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"I have to talk!" Interview with theater director Żenia Dawidenka

Theater is a language you use to convey an idea.

Чытаць па-беларуску

In December 2023, Gdańsk Shakespeare Theater premiered the play "Home Is 10 Hours Away" based on a piece by the Belarusian director Żenia Dawidenka. The play uncovers the hefty emotional baggage encumbering most Belarusians post-2020 through a story of three immigrant women and their chance encounter on the Polish seaside, shining a light on our collective trauma. We meet up with Żenia to discuss the play, her work as theater director and having to combine it with bartending as well as her music project called Open Focus.

<iframe width="100%" height="166" scrolling="no" frameborder="no" allow="autoplay" src="https://w.soundcloud.com/player/?url=https%3A//api.soundcloud.com/tracks/1700774049&color=%23343c34&auto_play=false&hide_related=false&show_comments=true&show_user=true&show_reposts=false&show_teaser=true"></iframe><div style="font-size: 10px; color: #cccccc;line-break: anywhere;word-break: normal;overflow: hidden;white-space: nowrap;text-overflow: ellipsis; font-family: Interstate,Lucida Grande,Lucida Sans Unicode,Lucida Sans,Garuda,Verdana,Tahoma,sans-serif;font-weight: 100;"><a href="https://soundcloud.com/radioplato" title="Radio Plato" target="_blank" style="color: #cccccc; text-decoration: none;">Radio Plato</a> · <a href="https://soundcloud.com/radioplato/radio-plato-editorial-podcast-115-w-zenia-dawidenka" title="Radio Plato - Editorial Podcast #115 w/ Żenia Dawidenka" target="_blank" style="color: #cccccc; text-decoration: none;">Editorial Podcast #115 w/ Żenia Dawidenka</a></div><br><h1>Sand in the spotlights</h1>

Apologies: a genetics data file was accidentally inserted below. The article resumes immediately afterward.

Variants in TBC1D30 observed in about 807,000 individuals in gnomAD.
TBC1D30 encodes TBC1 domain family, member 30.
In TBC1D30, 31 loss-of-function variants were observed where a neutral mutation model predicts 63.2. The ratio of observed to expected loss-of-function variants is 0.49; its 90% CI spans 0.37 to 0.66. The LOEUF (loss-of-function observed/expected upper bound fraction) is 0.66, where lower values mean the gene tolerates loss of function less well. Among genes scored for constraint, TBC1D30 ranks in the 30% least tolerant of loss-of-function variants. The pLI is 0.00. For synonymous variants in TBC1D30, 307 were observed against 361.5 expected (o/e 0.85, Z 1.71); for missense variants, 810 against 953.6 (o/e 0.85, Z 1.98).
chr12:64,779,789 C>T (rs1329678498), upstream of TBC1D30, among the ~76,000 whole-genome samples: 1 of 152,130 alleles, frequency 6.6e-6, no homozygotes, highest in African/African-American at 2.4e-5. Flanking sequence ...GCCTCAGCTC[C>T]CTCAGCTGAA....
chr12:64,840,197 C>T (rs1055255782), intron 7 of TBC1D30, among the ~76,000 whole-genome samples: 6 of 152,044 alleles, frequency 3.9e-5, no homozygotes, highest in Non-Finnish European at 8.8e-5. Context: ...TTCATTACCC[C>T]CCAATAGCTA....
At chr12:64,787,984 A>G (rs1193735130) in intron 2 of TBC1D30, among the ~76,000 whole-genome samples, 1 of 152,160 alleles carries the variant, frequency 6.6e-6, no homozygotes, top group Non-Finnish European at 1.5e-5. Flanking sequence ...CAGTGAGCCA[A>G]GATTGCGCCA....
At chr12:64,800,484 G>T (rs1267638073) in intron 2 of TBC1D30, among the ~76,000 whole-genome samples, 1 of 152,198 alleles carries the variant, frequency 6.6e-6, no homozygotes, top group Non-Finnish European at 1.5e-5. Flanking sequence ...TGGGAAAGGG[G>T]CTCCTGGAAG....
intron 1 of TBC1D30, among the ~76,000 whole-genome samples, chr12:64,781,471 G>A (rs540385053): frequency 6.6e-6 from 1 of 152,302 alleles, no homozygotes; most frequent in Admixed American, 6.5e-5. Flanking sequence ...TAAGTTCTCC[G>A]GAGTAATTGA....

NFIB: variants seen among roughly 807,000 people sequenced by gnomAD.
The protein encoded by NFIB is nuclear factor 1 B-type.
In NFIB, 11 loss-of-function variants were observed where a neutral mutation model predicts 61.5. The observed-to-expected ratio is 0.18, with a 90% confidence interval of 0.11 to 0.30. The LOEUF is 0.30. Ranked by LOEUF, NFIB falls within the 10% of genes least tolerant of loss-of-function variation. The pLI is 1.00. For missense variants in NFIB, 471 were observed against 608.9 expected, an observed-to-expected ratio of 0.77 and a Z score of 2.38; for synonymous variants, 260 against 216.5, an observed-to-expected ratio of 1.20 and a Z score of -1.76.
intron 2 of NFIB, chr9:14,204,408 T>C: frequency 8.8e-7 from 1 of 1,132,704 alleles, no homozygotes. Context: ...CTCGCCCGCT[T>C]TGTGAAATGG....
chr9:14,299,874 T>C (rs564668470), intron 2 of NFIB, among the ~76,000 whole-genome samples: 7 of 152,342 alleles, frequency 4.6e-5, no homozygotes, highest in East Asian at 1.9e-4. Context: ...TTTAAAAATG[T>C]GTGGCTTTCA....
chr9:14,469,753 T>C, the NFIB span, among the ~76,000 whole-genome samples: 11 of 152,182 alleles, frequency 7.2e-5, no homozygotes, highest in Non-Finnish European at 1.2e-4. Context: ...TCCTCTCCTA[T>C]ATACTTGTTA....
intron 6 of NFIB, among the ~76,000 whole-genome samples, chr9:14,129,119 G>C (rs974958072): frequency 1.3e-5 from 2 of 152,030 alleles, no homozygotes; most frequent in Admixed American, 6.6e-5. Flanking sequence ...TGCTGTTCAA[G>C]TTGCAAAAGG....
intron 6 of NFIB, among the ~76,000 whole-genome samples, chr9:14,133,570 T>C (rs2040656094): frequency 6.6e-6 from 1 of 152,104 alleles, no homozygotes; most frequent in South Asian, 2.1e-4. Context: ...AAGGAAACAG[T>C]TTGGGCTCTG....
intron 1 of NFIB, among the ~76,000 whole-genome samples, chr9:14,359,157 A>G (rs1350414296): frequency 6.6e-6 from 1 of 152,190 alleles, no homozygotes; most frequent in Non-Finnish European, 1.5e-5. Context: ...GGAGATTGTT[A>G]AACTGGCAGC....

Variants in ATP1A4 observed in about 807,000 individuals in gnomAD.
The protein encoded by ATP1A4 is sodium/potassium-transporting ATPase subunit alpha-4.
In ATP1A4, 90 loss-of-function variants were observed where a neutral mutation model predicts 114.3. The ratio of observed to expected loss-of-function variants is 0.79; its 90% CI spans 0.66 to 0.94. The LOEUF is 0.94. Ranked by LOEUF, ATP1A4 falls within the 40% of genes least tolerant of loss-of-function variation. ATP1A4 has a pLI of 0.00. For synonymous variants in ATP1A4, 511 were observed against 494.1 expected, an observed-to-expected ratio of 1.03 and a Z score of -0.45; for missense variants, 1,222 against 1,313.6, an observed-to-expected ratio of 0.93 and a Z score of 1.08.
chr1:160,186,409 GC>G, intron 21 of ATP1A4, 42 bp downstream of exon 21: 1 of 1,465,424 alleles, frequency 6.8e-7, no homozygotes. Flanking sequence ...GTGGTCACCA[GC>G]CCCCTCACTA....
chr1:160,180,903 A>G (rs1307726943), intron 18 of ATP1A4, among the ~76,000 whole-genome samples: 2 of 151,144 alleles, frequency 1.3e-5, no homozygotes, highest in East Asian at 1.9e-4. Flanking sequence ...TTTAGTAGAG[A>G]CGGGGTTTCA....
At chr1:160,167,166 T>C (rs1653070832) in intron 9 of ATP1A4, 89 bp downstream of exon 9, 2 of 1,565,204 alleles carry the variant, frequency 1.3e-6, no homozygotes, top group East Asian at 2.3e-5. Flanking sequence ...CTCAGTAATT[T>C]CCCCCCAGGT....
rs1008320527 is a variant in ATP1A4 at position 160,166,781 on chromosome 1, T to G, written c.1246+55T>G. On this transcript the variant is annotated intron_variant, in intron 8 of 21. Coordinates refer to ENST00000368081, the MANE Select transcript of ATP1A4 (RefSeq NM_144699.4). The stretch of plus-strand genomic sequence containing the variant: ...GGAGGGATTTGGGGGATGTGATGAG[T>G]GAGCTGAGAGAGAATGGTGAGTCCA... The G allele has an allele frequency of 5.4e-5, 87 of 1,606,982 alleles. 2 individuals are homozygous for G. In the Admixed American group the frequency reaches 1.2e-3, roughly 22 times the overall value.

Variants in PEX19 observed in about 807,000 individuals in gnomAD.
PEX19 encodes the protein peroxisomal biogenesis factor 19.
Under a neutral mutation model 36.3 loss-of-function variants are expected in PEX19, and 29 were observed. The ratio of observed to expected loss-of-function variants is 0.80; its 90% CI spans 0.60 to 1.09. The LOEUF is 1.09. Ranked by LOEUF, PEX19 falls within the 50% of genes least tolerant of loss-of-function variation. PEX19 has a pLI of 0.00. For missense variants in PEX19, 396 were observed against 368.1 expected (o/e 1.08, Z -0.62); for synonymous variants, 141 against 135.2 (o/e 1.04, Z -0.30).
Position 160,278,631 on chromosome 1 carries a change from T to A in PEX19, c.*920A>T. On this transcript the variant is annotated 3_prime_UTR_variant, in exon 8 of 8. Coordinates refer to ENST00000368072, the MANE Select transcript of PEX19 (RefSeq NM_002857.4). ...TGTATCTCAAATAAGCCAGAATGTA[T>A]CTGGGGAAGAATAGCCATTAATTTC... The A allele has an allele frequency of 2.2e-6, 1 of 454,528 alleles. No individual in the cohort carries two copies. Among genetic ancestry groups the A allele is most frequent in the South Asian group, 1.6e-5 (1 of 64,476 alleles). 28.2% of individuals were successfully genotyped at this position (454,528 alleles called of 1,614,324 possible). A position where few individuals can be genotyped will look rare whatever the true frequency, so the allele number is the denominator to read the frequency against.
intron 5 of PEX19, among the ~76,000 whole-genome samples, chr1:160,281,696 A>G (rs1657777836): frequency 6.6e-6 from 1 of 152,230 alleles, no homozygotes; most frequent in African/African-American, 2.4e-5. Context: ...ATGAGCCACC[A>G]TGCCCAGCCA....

Tell us about "Home Is 10 Hours Away". How did it come about?

– There is a theater company called Teatr Biez Nazvy here in Gdańsk. It was created by Ira Kupčanka back in Belarus, in Horadnia. She brought it over when she left the country. Now there are three actresses in the theater who put on plays for children and adults. Ira together with her colleague won a grant from Warsaw Theater Institute.

Right after coming here Ira had the idea to put on a play about the immigrant life. She wrote it and invited me as actor and director. I read it and it didn't do it for me. That was not the story I wanted to tell about immigrant life. So I proposed to rewrite it and rework the structure. The idea that I suggested was to tell a story through flashbacks. Also I wanted to add some humor and dialogues like the ones I would often overhear working at the bar or going out with friends. The ones where people discuss something totally awkward that makes everyone cringe at first, but then eventually there is nothing else you can do but just laugh about it. I wanted to show where the conflict lies in the immigration process, but also have a resolution and acceptance of my own immigration story and immigration in general. And to do that through three different but relatively simple stories.

How did you communicate with the Shakespeare Theater and convince them you needed so much sand?